Why May Can’t Survive

She’s at odds with her chancellor

The working relationship between the occupants of Number 10 and Number 11 Downing Street is critical. Philip Hammond said on the Today programme on 17 May that he had “occasionally sworn” at TM’s Chief of Staff Nick Timothy. The were persuasive rumours of rows and it was an open secret that May planned to sack Hammond after the election, now she can’t and her Chief of Staff has gone.  The relationship between May and Hammond is broken.

The DUP deal can’t hold

This as it turns out is the coalition of chaos. It is impossible to maintain the peace process in Northern Ireland if the government is in league with one of the parties. That alone is enough to break any deal. The DUP staunchly opposes same-sex marriage. There are 10 DUP MPs and 19 LGBTQ Tory MPs including the leader of the powerful Scottish Conservative group. As they say “you do the Math”.

She can’t manage the cabinet

She dropped plans for a major reshuffle of Cabinet because she can’t afford to alienate senior ministers. Without the power of patronage she’s not in charge.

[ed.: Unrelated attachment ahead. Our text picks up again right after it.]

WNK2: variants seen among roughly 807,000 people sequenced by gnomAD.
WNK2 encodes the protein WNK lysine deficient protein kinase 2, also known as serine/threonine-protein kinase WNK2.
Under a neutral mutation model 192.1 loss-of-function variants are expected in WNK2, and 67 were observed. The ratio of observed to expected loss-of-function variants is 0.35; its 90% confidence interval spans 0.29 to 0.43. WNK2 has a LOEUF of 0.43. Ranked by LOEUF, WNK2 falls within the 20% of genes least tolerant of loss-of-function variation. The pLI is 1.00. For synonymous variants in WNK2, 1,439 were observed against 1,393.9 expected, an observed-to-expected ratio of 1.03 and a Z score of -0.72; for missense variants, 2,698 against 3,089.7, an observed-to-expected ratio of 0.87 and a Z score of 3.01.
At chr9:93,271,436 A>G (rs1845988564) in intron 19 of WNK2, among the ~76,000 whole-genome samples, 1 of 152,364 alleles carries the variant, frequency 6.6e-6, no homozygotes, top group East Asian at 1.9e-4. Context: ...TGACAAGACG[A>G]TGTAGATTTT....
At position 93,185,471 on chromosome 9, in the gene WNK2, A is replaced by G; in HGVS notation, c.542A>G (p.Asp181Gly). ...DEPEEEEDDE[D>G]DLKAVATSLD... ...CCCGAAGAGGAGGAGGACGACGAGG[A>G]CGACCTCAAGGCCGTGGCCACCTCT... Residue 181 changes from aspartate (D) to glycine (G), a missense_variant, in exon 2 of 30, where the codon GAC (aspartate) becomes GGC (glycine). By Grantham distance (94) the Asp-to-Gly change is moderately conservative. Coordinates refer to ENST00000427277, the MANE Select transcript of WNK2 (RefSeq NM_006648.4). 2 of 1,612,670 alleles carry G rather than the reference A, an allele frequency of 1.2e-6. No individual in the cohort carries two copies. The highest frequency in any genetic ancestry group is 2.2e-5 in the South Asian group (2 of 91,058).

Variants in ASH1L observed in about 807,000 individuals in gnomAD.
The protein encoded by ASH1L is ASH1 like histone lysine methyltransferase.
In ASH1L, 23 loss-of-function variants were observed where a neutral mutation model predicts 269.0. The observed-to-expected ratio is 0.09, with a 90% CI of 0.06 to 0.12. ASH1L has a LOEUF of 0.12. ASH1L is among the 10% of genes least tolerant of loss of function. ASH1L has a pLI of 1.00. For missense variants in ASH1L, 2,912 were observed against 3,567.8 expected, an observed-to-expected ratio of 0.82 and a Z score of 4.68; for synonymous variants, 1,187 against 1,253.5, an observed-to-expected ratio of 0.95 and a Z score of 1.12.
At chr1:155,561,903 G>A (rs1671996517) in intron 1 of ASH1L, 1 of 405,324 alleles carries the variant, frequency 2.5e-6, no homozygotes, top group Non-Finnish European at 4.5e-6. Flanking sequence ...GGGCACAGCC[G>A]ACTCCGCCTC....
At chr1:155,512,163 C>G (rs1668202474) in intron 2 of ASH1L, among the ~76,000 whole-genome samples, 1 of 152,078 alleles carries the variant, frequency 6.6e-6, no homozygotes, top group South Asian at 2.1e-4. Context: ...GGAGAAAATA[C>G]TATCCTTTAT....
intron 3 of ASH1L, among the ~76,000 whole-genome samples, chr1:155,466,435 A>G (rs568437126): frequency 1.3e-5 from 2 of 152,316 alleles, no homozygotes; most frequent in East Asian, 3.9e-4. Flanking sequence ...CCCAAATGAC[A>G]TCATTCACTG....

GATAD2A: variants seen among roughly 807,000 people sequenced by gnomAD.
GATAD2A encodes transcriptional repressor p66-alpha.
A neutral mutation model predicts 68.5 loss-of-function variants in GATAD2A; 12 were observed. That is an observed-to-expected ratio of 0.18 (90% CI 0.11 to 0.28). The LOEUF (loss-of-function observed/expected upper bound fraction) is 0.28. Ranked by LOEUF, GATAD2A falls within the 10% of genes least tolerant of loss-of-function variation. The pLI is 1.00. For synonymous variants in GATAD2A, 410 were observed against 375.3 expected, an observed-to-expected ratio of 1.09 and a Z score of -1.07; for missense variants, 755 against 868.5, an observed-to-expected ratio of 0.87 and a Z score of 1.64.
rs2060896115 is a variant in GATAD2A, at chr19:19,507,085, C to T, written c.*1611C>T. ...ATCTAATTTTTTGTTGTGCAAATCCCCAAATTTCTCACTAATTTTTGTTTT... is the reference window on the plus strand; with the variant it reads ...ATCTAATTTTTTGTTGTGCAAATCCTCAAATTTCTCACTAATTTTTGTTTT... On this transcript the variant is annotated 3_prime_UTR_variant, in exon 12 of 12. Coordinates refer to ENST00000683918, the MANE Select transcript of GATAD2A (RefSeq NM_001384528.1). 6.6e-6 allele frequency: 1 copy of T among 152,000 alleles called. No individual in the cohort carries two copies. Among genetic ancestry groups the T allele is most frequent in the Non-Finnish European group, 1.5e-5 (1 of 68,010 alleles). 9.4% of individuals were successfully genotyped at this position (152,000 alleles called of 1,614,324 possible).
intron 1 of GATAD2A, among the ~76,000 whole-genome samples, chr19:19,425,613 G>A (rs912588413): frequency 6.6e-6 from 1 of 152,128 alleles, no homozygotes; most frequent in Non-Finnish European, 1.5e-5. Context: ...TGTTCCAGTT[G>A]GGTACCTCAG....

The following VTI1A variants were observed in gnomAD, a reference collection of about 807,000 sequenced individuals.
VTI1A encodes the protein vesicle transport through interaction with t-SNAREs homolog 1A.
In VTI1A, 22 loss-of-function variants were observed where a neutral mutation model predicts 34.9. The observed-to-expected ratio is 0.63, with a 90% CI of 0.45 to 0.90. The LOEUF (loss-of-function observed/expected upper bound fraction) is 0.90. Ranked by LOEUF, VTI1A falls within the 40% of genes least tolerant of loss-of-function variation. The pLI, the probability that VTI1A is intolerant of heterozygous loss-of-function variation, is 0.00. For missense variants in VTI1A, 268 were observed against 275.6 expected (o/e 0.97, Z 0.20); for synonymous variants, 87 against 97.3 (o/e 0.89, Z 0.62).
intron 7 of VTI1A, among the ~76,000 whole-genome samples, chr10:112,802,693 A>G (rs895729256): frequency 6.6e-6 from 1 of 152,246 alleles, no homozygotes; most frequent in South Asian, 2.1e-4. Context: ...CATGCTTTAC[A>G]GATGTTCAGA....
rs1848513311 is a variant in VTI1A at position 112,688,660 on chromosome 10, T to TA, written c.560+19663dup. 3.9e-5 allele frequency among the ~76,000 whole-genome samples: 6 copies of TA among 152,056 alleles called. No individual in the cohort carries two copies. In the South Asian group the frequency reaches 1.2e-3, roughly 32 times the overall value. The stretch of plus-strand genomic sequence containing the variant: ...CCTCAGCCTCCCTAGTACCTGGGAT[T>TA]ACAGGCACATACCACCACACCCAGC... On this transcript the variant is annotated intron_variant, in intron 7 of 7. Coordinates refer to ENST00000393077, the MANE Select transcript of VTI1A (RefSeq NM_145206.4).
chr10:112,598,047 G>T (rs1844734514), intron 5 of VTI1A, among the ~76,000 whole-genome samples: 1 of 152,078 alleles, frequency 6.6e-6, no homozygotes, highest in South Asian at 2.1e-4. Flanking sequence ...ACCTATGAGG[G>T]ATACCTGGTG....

The PM has no allies in Europe

Video that emerged from the EU summit last December showed the PM to be a lonely and isolated figure. That was before her humiliation at the polls. As we enter negotiations to leave the EU she has no influence and not a single ally.

What does Brexit mean now?

If  Mrs May thought a Brexit deal was difficult before, now it may be impossible. She can’t satisfy the right of her party because she has to guarantee an open border in Ireland. That means doing a deal on the customs union and maybe even the single market. A hard Brexit would mean a Irish border deal that would eliminate backing from the DUP and potentially bring back conflict in Northern Ireland. She can’t deliver a hard Brexit and she can’t deliver a soft one either.

Minority governments don’t last